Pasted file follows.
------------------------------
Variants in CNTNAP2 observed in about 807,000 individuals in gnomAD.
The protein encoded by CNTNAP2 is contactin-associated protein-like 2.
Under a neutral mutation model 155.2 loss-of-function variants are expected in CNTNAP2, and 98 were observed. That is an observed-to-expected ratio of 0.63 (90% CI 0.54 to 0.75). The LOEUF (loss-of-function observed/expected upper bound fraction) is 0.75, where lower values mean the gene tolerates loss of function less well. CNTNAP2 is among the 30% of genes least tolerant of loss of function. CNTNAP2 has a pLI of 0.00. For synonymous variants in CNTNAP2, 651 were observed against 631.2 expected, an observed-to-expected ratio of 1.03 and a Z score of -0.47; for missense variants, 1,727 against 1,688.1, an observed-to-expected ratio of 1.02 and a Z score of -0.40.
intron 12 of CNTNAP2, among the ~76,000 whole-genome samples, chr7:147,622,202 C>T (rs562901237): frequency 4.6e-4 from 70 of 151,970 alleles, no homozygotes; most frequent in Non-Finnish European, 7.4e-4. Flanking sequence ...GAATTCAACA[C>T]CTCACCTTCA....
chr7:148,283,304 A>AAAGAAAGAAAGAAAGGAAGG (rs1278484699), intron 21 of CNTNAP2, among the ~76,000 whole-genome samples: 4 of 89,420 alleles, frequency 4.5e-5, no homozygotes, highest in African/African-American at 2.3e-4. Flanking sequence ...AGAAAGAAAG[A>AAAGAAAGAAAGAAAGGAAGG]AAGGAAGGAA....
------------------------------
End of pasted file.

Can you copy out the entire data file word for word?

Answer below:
Variants in CNTNAP2 observed in about 807,000 individuals in gnomAD.
The protein encoded by CNTNAP2 is contactin-associated protein-like 2.
Under a neutral mutation model 155.2 loss-of-function variants are expected in CNTNAP2, and 98 were observed. That is an observed-to-expected ratio of 0.63 (90% CI 0.54 to 0.75). The LOEUF (loss-of-function observed/expected upper bound fraction) is 0.75, where lower values mean the gene tolerates loss of function less well. CNTNAP2 is among the 30% of genes least tolerant of loss of function. CNTNAP2 has a pLI of 0.00. For synonymous variants in CNTNAP2, 651 were observed against 631.2 expected, an observed-to-expected ratio of 1.03 and a Z score of -0.47; for missense variants, 1,727 against 1,688.1, an observed-to-expected ratio of 1.02 and a Z score of -0.40.
intron 12 of CNTNAP2, among the ~76,000 whole-genome samples, chr7:147,622,202 C>T (rs562901237): frequency 4.6e-4 from 70 of 151,970 alleles, no homozygotes; most frequent in Non-Finnish European, 7.4e-4. Flanking sequence ...GAATTCAACA[C>T]CTCACCTTCA....
chr7:148,283,304 A>AAAGAAAGAAAGAAAGGAAGG (rs1278484699), intron 21 of CNTNAP2, among the ~76,000 whole-genome samples: 4 of 89,420 alleles, frequency 4.5e-5, no homozygotes, highest in African/African-American at 2.3e-4. Flanking sequence ...AGAAAGAAAG[A>AAAGAAAGAAAGAAAGGAAGG]AAGGAAGGAA....